Who Hugs the Homeless?

Or the jobless, for that matter?  I think the most emotionally debilitating part of this situation has been the isolation it has created.  My interactions with other adult humans are pretty much limited to brief chit chat with the checkout clerk at the grocery store, a comment exchanged with another parent while we await the dismissal bell, and two minutes of conversation with my daughter’s basketball coach at the end of practice.

The kids are less affected as they continue to attend school, have play dates and are involved in activities like basketball, choir and the school play.   But my social circle, small to begin with due to our moving around and unconventional lifestyle (being a single mom to four by choice, a rare thing, even rarer in professional circles), has essentially disappeared. You don’t realized just how important work is for social interactions until you no longer have a job.  As blogger Joe Malik, in “Unemployed in Tacoma” remarks with a measure of humor:

“Until I was summarily booted out of the place, I didn’t realize how much I had come to depend on my workplace for social connections. And that’s the really pathetic part, because most of the people I worked with were generally annoying, or downright despicable human beings.

So why do I miss some of them so much?

Well, the people you work with – whether you like it or not – are kind of like your surrogate family. You see them every day. You know about what goes on in their personal lives… most of all, the workplace seems to be one of the few places that many of us have a chance to make any sort of deep, personal connection with people.”

It is sad how that ‘deep, personal connection’ turns out to be the most superficial of connections once it’s severed. Former colleagues (one of whom recently characterized my blog as a “depressing website” in an email to another former colleague) are the first to disappear off your social landscape. Another place for making those connections is church, but since we left our church (in response to what I considered an unfortunate change in leadership) shortly before becoming unemployed and homeless we discovered those ‘friendships’ to be similarly superficial.  As I’ve remarked before group membership (even unofficial) is what counts.  When you are out, you are really out!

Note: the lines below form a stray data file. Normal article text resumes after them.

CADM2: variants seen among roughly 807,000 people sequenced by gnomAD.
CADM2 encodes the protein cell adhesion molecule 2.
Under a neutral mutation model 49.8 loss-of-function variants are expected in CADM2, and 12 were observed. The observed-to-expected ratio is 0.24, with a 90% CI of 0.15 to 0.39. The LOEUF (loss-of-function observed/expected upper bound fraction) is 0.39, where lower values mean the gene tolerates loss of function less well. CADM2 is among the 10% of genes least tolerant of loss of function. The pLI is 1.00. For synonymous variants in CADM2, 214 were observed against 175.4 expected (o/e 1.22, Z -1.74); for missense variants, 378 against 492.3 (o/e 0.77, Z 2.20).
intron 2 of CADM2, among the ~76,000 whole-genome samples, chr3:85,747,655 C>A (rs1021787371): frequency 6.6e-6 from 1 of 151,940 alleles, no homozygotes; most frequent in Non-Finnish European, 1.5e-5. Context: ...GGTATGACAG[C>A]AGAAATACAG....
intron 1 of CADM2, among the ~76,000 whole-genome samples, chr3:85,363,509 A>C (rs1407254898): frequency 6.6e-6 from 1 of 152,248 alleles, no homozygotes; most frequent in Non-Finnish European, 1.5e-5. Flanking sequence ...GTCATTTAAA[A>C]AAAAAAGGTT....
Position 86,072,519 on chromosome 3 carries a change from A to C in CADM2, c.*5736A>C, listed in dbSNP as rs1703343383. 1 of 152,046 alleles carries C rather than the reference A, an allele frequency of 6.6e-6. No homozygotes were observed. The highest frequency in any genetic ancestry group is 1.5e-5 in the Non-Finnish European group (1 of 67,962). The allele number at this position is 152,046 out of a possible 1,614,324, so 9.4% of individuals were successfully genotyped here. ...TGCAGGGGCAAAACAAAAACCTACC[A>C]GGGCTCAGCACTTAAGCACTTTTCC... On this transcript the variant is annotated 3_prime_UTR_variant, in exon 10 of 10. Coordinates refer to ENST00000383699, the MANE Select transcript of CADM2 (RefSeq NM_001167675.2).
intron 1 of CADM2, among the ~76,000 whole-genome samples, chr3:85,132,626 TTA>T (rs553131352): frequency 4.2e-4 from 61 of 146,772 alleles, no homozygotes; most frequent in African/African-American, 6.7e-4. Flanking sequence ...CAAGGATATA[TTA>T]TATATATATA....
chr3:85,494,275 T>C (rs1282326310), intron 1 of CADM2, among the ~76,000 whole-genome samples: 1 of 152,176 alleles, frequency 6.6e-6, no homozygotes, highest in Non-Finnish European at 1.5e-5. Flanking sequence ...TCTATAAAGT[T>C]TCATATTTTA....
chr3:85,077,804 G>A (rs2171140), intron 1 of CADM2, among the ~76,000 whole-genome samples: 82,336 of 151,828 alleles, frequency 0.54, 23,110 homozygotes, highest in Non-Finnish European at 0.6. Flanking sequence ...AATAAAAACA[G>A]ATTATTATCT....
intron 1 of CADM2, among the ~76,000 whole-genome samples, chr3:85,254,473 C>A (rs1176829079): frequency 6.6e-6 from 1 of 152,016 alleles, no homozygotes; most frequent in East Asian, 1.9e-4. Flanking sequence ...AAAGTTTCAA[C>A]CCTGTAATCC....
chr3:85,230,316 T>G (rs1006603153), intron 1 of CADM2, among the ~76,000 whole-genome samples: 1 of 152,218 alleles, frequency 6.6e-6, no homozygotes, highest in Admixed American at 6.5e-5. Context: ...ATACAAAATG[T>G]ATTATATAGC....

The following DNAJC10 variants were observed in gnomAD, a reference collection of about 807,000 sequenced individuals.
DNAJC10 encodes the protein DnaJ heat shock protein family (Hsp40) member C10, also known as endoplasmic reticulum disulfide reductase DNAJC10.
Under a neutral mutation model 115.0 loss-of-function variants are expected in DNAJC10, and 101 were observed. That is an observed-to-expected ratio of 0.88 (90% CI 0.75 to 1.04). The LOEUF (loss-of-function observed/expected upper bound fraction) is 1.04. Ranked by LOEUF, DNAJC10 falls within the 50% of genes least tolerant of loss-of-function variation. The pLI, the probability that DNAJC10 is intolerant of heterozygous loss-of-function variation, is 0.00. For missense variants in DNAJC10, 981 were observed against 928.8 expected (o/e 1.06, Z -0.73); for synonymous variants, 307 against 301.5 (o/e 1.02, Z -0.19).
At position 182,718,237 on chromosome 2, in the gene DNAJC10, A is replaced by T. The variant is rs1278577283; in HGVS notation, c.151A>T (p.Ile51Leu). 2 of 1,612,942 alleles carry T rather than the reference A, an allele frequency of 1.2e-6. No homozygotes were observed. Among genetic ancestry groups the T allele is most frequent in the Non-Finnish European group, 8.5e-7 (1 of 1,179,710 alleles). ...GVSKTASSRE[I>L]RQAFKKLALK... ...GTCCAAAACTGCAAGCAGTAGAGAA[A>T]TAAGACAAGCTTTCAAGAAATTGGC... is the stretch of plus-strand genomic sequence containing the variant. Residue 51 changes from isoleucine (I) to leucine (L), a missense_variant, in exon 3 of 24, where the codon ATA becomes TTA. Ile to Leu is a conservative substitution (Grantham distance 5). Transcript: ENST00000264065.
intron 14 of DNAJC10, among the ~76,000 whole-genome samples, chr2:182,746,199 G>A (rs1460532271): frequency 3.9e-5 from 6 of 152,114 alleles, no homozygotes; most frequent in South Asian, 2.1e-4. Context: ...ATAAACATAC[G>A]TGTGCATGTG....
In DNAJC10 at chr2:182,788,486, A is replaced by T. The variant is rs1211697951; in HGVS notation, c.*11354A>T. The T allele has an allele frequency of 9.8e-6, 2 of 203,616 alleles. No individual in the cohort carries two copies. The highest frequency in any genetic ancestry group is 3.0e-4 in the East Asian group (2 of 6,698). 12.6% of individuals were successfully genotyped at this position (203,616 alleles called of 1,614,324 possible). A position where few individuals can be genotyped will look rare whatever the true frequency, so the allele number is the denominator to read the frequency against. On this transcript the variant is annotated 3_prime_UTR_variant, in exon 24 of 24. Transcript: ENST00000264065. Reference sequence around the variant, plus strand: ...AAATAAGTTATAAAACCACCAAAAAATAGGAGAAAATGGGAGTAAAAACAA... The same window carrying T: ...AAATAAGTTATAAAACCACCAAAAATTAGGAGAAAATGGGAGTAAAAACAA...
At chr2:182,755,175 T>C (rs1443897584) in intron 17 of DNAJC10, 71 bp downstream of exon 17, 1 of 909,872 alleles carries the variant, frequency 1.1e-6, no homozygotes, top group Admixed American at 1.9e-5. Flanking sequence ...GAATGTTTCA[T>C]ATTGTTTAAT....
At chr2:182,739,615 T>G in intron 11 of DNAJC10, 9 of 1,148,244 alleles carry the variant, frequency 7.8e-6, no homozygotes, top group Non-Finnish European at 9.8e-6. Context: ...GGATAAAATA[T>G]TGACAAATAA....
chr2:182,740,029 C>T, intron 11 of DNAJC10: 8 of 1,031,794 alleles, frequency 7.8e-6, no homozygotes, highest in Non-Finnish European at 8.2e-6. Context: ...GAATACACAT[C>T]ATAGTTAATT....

What about friends and family, you ask?  Friends, and family, while initially concerned, seem to grow increasingly uncomfortable with and tired of your unemployed/homeless status the longer it lingers on.  Compassion fatigue settles in. Your status overshadows everything, and while you are both bored with the subject, like an elephant in the room, it cannot be avoided.  So instead they avoid you.  New acquaintances are both curious and repelled by your situation – offering generic words of comfort while withdrawing from interactions with you the way one might do with someone infected with a peculiarly grotesque and contagious disease.  They marvel, “How do you manage?” while backing away. Who invites a leper out for drinks?

Even social networking falls by the wayside as your experience begins to vary substantially from your connections on LinkedIn, your ‘friends’ on Facebook, and the members of all those yahoo groups to which you belong.  It becomes harder for you to relate to their lives and events which begin to seem increasingly complacent and superficial to you, while your struggle with very essential, bottom-line issues is foreign and discomfiting to them. BTW- along this line I plan to start a 2nd blog for single parents in this situation in which there can be multiple authors and points of view, support and resource exchange.  I guess if you lose your group memberships you need to find, or start, new groups!

It’s odd the way this isolation makes itself felt at times.  For instance, most recently, the kids’ school was having one of those jog-a-thon fundraisers to fund future fieldtrips and each family was supposed to find sufficient sponsors to raise $150 per child.  Where do you turn, school fundraiser, or Scout cookie or nut sales, in hand?  To your colleagues, friends, members of your church and the other organizations to which you belong.  And although so starved for conversation that I’ve frequently engaged the checkout clerk in lengthy exchanges to the despair of the people in line behind me, I haven’t been able to bring myself to solicit jog-a-thon sponsorships from complete strangers! 

I’m not the only unemployed person to feel this sense of isolation.  In “The Lonesome City Blues,” Pulitzer Prize winner and former LA Times columnist, Al Martinez, blogs about the loneliness of being unemployed; saying of the jobless, “We occupy a landscape of spiritual desolation.”

Among the unemployed, blog after blog is filled with tales of isolation and loneliness, with the feeling of being cut off from the world around us.  Some people struggle with depression, others tell of the loss of hope, and anxiety about the future.

And a column in USA Today, titled, How Joblessness Hurts Us All, states the following: